Nursing homes falling behind with end-of-life directives
Popular medical dramas such as Grey's Anatomy and Chicago Med often depict the tensions that can arise while making end-of-life medical decisions without "advance directives" on file. Advance directives, or living wills, are the legal documents individuals use to communicate their treatment preferences when faced with serious injuries or illnesses. Following a new study, Colleen Galambos, professor in the University of Missouri School of Social Work, says that more attention to how advance directives are used in nursing homes may reduce unnecessary care and save health care costs, all while respecting residents' wishes.
"In the nursing home setting, some providers use aggressive end-of-life care, even if it is not in a person's best interest or against a resident's wishes," Galambos said. "Evidence suggests that advance directives improve the dying experience for nursing home residents and decrease the cost of end-of-life care while honoring residents' expressed wishes about health care. However, at the national level only 65-70 percent of nursing home residents have advance directives; that number is significantly less here in Missouri."
Galambos and her team analyzed more than 1,800 medical records from St. Louis area nursing homes. Fifty percent of the records contained an advance directive; however, in many cases the forms were difficult to find in the charts, due to inconsistent record keeping. Galambos recommends that providers include a designated section in medical files for advance directives and that they reinforce with staff the importance of checking advance directives.
Galambos further suggests that parents and adult children begin discussions about their wishes for health care, including end-of-life care, as soon as possible, and that the forms be updated on a regular basis as health needs and philosophies of life can change. She says that no family member wants to be in a position to have to guess about what type of care their loved ones want when they are no longer able to communicate their wishes.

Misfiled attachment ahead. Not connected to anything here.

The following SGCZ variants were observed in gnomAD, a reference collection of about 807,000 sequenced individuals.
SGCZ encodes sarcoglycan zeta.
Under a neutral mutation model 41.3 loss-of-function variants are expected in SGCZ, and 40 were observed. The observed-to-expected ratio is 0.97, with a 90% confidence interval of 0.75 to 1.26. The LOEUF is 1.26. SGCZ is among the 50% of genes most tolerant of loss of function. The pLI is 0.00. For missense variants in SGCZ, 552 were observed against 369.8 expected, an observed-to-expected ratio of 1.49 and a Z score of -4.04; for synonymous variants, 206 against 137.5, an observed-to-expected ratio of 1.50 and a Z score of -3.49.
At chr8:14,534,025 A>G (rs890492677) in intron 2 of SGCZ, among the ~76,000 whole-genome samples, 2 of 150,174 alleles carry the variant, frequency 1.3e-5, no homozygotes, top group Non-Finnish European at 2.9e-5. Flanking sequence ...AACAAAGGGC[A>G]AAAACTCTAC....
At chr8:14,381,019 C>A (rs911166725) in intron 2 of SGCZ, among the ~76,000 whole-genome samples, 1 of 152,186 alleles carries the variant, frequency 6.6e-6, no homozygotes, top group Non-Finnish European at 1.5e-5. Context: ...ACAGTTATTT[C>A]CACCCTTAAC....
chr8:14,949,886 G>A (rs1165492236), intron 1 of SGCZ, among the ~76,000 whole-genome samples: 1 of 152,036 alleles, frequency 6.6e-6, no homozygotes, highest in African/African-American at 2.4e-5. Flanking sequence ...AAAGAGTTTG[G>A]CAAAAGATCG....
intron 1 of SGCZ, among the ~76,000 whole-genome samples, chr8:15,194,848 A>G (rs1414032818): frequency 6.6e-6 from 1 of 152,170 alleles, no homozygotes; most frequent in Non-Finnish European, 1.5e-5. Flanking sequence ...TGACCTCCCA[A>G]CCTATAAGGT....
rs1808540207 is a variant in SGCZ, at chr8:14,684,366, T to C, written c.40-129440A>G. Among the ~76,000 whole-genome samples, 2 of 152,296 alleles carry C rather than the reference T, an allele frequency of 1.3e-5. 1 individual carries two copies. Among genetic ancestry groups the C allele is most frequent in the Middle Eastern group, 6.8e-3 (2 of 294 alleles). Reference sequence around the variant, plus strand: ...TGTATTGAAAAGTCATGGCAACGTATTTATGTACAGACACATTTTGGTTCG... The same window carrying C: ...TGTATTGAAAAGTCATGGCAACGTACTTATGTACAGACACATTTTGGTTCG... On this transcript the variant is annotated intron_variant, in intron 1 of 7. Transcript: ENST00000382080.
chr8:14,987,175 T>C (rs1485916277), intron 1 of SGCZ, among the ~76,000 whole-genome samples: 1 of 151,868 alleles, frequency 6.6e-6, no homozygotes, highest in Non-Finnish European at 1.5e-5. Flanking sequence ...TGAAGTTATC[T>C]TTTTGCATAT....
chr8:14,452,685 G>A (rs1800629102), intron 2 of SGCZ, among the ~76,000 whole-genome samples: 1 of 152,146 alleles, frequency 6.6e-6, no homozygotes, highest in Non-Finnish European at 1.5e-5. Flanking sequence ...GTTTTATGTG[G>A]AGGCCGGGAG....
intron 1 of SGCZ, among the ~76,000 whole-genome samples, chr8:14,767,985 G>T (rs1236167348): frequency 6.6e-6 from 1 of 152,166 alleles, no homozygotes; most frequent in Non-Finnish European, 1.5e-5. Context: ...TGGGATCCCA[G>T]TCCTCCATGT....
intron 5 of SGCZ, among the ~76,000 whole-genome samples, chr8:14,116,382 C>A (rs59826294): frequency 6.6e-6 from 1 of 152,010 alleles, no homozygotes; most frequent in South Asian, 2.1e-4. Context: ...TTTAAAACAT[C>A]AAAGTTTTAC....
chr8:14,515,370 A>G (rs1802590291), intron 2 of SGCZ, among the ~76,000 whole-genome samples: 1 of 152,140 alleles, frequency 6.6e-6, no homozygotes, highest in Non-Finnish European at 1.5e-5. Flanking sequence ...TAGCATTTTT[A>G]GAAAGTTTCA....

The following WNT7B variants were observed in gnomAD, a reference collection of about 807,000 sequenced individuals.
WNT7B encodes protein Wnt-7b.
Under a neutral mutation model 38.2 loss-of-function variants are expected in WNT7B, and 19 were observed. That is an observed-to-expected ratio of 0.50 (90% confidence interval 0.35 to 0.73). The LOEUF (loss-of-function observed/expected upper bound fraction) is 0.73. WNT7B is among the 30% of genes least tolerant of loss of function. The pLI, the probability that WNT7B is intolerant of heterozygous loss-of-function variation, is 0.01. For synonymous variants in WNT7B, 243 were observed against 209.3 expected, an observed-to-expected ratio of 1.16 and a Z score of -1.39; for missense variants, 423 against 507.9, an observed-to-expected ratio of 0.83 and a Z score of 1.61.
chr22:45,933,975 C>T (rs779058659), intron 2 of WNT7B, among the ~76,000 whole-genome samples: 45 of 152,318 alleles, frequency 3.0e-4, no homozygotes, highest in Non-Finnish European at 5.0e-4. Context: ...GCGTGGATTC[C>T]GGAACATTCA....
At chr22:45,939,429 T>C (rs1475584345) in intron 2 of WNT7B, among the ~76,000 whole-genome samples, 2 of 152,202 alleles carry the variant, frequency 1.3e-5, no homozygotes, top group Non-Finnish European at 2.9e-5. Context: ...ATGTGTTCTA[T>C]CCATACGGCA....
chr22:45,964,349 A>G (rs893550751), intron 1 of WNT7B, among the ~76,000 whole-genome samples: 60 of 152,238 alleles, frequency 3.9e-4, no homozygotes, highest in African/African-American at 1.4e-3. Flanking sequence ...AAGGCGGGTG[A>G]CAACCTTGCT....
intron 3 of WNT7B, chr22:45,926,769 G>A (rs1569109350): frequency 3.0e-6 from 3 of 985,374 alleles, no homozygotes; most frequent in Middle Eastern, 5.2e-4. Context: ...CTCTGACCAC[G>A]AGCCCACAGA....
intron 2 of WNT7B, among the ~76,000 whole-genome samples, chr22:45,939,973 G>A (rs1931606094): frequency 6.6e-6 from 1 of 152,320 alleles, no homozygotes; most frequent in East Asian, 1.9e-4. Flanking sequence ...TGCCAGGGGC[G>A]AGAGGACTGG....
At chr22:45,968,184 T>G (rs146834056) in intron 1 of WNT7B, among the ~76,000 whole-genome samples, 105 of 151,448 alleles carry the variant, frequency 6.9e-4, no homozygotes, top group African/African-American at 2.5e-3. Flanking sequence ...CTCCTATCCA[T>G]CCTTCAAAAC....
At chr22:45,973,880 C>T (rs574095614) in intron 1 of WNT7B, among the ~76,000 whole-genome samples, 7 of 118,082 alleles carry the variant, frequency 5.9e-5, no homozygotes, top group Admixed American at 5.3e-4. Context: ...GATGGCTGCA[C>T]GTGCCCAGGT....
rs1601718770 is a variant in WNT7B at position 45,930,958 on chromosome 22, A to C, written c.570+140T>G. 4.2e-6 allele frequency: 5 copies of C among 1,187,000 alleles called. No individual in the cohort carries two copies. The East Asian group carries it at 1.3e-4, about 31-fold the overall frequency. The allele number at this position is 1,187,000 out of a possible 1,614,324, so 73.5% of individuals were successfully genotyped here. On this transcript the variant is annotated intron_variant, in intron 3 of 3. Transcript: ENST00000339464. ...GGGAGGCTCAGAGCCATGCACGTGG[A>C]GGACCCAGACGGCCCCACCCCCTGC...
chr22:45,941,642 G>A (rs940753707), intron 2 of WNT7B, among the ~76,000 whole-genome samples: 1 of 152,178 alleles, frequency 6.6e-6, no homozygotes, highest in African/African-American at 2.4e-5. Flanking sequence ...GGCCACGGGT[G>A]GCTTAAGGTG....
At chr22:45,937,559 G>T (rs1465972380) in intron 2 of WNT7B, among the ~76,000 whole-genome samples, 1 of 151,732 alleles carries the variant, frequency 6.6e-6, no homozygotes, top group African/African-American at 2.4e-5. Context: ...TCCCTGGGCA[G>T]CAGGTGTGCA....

"There is no reason for adults not to have an advance directive and most nursing home residents should have an advance directive on file to ensure that they receive the type of end-of-life care they desire," Galambos said. "People can enact an advance directive at age 18, which is a good time to start thinking about what their wishes would be during an emergency."
"Analysis of advance directive documentation to support palliative care activities in nursing homes," recently was published in Health and Social Work, a journal of the National Association of Social Workers. Co-authors for the study were Marilyn Rantz, Curators' Professor of Nursing; Gregory Petroski, biostatistician with the Office of Medical Research; and Julie Starr, nurse practitioner with MU Health.
Galambos recently was selected as a National Association of Social Workers (NASW) Social Work Pioneer of the Year for her contributions to the social work profession. Galambos is the director of the graduate certificate in Gerontological Social Work program. The School of Social Work is part of the MU College of Human Environmental Sciences.